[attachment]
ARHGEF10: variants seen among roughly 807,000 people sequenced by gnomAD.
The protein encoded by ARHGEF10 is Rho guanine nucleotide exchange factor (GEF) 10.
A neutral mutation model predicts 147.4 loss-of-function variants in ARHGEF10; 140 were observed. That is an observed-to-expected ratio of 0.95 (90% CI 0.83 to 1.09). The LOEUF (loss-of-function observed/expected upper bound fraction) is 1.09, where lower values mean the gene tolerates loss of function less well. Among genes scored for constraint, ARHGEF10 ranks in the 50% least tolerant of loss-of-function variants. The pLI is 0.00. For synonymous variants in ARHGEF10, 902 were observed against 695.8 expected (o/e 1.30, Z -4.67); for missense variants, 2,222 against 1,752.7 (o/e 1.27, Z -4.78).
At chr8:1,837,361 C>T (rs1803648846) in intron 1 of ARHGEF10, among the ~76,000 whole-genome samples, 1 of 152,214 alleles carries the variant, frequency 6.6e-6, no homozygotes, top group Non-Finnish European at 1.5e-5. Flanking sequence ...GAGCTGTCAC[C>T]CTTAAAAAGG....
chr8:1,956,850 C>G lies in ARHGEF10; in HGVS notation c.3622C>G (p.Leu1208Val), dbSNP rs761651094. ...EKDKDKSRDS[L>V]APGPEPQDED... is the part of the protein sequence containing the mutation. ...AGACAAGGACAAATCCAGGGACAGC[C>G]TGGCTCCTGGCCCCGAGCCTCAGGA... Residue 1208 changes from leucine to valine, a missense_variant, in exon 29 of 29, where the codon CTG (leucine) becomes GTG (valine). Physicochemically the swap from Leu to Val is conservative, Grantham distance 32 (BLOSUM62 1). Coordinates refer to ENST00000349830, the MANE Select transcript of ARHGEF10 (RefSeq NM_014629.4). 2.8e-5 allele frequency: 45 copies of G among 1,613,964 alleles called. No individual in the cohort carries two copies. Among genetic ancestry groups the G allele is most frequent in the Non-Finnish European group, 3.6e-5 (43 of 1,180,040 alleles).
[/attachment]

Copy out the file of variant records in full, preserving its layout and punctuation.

ARHGEF10: variants seen among roughly 807,000 people sequenced by gnomAD.
The protein encoded by ARHGEF10 is Rho guanine nucleotide exchange factor (GEF) 10.
A neutral mutation model predicts 147.4 loss-of-function variants in ARHGEF10; 140 were observed. That is an observed-to-expected ratio of 0.95 (90% CI 0.83 to 1.09). The LOEUF (loss-of-function observed/expected upper bound fraction) is 1.09, where lower values mean the gene tolerates loss of function less well. Among genes scored for constraint, ARHGEF10 ranks in the 50% least tolerant of loss-of-function variants. The pLI is 0.00. For synonymous variants in ARHGEF10, 902 were observed against 695.8 expected (o/e 1.30, Z -4.67); for missense variants, 2,222 against 1,752.7 (o/e 1.27, Z -4.78).
At chr8:1,837,361 C>T (rs1803648846) in intron 1 of ARHGEF10, among the ~76,000 whole-genome samples, 1 of 152,214 alleles carries the variant, frequency 6.6e-6, no homozygotes, top group Non-Finnish European at 1.5e-5. Flanking sequence ...GAGCTGTCAC[C>T]CTTAAAAAGG....
chr8:1,956,850 C>G lies in ARHGEF10; in HGVS notation c.3622C>G (p.Leu1208Val), dbSNP rs761651094. ...EKDKDKSRDS[L>V]APGPEPQDED... is the part of the protein sequence containing the mutation. ...AGACAAGGACAAATCCAGGGACAGC[C>G]TGGCTCCTGGCCCCGAGCCTCAGGA... Residue 1208 changes from leucine to valine, a missense_variant, in exon 29 of 29, where the codon CTG (leucine) becomes GTG (valine). Physicochemically the swap from Leu to Val is conservative, Grantham distance 32 (BLOSUM62 1). Coordinates refer to ENST00000349830, the MANE Select transcript of ARHGEF10 (RefSeq NM_014629.4). 2.8e-5 allele frequency: 45 copies of G among 1,613,964 alleles called. No individual in the cohort carries two copies. Among genetic ancestry groups the G allele is most frequent in the Non-Finnish European group, 3.6e-5 (43 of 1,180,040 alleles).